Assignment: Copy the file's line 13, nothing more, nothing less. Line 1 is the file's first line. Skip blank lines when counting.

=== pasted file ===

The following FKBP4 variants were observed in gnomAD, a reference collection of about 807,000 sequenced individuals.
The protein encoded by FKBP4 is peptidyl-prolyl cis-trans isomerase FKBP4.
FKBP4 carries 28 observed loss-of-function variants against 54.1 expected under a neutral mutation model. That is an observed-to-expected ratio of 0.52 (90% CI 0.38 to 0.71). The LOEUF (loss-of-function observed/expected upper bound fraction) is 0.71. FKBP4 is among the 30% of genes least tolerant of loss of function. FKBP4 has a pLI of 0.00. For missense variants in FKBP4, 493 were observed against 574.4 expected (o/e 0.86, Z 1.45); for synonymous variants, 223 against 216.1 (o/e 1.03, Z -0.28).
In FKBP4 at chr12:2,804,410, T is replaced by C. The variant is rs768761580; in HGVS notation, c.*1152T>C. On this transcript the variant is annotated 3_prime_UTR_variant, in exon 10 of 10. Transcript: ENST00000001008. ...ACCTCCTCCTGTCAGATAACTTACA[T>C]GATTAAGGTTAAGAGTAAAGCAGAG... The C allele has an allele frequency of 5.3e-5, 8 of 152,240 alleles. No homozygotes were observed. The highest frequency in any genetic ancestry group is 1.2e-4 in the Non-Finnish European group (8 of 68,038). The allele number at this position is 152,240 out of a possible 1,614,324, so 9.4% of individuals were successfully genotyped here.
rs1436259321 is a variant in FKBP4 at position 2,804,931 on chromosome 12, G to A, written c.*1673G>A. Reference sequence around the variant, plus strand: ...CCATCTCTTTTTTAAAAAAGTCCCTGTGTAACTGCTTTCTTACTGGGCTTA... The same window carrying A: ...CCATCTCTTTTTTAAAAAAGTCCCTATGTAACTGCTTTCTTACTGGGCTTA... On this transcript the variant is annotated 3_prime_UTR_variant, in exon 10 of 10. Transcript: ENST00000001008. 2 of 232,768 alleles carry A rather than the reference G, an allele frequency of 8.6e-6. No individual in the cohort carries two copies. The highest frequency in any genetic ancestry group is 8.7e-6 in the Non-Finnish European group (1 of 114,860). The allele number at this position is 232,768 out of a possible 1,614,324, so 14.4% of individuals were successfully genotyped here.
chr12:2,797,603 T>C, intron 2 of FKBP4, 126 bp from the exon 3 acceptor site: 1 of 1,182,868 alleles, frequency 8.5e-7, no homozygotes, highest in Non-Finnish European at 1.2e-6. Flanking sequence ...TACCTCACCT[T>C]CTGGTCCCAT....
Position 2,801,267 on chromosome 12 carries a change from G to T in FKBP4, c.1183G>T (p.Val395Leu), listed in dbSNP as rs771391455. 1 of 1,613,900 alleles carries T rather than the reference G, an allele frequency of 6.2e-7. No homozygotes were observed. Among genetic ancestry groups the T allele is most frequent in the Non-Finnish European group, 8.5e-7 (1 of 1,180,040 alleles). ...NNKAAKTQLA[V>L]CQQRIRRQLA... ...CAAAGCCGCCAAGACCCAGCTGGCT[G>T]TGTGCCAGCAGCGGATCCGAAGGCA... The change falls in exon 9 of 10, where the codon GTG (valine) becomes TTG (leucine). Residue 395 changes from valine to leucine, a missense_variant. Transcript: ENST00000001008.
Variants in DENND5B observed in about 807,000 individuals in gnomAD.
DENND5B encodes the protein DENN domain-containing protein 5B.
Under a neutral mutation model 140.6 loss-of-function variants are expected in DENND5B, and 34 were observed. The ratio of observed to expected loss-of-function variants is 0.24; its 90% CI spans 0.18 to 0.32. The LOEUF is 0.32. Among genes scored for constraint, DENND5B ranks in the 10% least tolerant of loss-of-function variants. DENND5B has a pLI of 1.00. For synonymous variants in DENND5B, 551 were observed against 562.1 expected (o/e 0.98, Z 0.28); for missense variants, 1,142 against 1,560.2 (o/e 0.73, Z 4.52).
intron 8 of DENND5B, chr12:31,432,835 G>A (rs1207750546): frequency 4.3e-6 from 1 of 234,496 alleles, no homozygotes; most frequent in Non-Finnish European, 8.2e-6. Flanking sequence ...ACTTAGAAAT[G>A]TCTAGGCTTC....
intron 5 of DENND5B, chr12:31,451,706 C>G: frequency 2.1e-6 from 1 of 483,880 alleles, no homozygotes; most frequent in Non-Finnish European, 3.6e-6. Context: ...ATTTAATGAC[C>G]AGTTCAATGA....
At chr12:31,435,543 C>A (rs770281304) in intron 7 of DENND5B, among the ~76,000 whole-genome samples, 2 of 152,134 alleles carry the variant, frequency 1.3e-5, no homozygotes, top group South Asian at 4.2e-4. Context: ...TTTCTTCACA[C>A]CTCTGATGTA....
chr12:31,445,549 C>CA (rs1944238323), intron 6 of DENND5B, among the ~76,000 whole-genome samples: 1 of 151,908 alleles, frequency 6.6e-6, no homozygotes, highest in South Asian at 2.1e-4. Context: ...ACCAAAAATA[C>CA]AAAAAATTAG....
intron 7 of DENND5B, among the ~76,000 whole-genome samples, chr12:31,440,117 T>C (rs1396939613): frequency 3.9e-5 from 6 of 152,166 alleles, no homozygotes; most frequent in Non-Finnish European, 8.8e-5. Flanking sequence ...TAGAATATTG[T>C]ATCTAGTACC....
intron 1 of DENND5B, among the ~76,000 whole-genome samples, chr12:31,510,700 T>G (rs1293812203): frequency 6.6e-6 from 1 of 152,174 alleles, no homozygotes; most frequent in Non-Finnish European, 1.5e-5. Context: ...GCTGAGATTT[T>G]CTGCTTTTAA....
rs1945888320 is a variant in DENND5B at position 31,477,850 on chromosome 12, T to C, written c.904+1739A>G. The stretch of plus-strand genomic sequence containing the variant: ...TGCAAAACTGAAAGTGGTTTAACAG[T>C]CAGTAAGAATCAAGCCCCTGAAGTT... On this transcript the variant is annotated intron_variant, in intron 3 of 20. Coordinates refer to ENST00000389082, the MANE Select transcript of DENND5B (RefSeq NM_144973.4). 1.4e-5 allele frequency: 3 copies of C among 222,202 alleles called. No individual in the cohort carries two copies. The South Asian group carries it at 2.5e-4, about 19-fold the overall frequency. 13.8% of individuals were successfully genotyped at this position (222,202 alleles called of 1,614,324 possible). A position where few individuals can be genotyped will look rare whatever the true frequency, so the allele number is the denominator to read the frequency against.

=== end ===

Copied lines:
At chr12:31,435,543 C>A (rs770281304) in intron 7 of DENND5B, among the ~76,000 whole-genome samples, 2 of 152,134 alleles carry the variant, frequency 1.3e-5, no homozygotes, top group South Asian at 4.2e-4. Context: ...TTTCTTCACA[C>A]CTCTGATGTA....